Mortgage borrowers face paying an extra £300m a year as a result of lenders’ SVR hikes, says Which?.
Last week Halifax, The Co-operative Bank, and Clydesdale and Yorkshire banks all increased their SVRs, with Which? estimating it will cost consumers an additional £300m in mortgage repayments over the next year.
Co-operative Bank raised its SVR by 0.5%, from 4.24% to 4.74%, while Halifax has hiked its SVR from 3.5% to 3.99% and Yorkshire and Clydesdale banks have gone from 4.59% to 4.95%.
Research from Which? revealed 70% of mortgage-holders are concerned about a rise in interest rates.
Some 14% say they are struggling with repayments, while 75% say they would be affected if their repayments rose by £50 a month, 41% would have to cut back on regular spending, 20% would need to reduce savings and 11% would not have enough money for essentials.
Peter Vicary-Smith, chief executive of Which?, says: “These SVR rises are the consequence of the lack of competition in the market and the failure of the government to take action to promote competition.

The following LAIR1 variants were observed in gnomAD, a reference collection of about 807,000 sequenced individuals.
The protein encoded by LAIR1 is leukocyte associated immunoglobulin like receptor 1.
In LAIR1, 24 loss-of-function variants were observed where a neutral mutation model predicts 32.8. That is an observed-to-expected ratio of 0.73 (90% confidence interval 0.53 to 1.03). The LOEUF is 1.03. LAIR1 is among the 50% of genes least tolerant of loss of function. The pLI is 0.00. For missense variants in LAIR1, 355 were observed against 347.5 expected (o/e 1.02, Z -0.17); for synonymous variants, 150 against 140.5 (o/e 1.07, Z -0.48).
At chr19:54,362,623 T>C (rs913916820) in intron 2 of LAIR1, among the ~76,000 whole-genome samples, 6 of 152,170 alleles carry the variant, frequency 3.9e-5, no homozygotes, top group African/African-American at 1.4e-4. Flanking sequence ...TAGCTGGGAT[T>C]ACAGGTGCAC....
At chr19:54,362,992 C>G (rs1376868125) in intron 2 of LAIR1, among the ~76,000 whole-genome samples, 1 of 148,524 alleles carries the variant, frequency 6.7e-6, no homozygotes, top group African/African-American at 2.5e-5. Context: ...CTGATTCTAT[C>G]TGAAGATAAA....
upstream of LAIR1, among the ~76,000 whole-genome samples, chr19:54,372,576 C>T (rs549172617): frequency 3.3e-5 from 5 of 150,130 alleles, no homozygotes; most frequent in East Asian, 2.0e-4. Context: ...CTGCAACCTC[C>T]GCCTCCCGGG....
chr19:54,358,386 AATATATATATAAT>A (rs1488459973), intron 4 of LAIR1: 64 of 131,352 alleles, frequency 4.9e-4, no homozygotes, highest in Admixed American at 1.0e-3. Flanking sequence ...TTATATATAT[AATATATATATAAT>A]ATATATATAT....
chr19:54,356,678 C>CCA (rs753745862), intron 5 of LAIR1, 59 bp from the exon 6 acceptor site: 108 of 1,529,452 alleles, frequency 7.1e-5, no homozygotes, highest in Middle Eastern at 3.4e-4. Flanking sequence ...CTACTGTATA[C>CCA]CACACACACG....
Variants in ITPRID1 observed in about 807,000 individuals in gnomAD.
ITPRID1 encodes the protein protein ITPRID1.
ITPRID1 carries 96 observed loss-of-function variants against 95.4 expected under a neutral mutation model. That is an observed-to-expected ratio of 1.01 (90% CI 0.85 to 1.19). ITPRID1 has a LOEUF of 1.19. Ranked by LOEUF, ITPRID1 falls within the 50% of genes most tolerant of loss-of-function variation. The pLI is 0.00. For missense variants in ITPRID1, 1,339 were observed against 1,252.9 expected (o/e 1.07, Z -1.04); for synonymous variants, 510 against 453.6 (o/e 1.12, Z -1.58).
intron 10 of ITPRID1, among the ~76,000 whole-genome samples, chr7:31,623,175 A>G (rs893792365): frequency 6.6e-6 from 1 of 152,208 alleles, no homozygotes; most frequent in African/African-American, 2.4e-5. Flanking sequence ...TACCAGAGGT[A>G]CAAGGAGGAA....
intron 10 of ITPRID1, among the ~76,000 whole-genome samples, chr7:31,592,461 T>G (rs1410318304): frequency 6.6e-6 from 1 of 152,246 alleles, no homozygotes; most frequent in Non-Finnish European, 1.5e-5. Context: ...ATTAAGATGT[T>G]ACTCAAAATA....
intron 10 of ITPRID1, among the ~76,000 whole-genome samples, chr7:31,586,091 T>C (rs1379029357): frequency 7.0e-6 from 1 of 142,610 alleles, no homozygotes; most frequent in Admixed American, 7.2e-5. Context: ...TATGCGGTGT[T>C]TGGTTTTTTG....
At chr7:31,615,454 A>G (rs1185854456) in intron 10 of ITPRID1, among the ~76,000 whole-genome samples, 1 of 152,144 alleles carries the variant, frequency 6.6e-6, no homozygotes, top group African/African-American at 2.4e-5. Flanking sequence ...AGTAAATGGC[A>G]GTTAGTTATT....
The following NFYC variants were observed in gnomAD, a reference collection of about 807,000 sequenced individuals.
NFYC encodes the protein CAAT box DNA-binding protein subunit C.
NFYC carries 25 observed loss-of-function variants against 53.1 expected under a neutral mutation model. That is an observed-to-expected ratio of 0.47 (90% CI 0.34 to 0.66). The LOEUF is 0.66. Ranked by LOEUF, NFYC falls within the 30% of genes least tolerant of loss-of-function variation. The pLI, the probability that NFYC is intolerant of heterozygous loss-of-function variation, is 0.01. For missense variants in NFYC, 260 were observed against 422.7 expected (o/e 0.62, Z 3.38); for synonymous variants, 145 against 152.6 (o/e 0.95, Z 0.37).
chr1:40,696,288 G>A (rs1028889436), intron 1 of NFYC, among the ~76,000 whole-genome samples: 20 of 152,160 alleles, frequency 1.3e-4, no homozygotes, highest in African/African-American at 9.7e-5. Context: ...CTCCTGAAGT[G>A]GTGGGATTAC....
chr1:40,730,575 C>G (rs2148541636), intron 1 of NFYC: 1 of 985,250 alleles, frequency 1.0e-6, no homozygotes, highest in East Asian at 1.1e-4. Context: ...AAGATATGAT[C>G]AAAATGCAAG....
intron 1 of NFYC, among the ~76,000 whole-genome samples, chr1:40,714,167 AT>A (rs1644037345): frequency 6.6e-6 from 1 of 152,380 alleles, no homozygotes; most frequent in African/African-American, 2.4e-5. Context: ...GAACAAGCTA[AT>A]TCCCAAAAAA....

“This is why the new financial regulator, the Financial Conduct Authority, needs to be a watchdog not a lapdog. It must stand up for consumers and stand up to the banks.”
Ben Thompson, managing director of Legal & General Mortgage Club, says more than eight million of the 11 million or so mortgage borrowers are on a floating rate of some description.
He says: “The question is how many more will be affected in this way and which lenders will make similar moves?”
Thompson says lenders’ mortgage terms and conditions will have to allow them to revise SVRs.
But he adds: “For example, some cited exceptional market circumstances to justify a rate rise. However, most lenders don’t have equivalent flexibility and if they had they would no doubt have pulled the trigger by now.
“So while there may be a few more moves in the pipeline, we don’t expect a landslide of SVR changes to follow.”